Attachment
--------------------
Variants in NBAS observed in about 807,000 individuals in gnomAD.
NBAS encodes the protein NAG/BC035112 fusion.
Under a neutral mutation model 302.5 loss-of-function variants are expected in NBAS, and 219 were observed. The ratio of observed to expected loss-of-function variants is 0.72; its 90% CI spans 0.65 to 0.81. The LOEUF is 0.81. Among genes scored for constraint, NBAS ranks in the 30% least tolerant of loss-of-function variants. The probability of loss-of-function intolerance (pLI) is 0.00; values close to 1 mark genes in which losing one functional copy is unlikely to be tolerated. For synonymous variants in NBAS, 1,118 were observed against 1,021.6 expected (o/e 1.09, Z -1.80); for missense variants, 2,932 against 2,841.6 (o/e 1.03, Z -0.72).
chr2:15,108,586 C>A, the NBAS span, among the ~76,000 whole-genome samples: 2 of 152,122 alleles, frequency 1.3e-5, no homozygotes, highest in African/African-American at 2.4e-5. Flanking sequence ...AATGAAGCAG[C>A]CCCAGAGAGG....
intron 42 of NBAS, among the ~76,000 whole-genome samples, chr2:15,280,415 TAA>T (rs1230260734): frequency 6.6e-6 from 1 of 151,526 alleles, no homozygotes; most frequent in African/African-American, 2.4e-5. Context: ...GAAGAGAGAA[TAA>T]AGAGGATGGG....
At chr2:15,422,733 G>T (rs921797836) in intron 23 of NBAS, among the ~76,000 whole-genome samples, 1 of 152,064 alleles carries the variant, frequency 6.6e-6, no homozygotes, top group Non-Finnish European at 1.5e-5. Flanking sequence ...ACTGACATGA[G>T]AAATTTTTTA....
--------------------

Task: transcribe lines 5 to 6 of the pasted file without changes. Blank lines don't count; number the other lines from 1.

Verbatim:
intron 42 of NBAS, among the ~76,000 whole-genome samples, chr2:15,280,415 TAA>T (rs1230260734): frequency 6.6e-6 from 1 of 151,526 alleles, no homozygotes; most frequent in African/African-American, 2.4e-5. Context: ...GAAGAGAGAA[TAA>T]AGAGGATGGG....
At chr2:15,422,733 G>T (rs921797836) in intron 23 of NBAS, among the ~76,000 whole-genome samples, 1 of 152,064 alleles carries the variant, frequency 6.6e-6, no homozygotes, top group Non-Finnish European at 1.5e-5. Flanking sequence ...ACTGACATGA[G>T]AAATTTTTTA....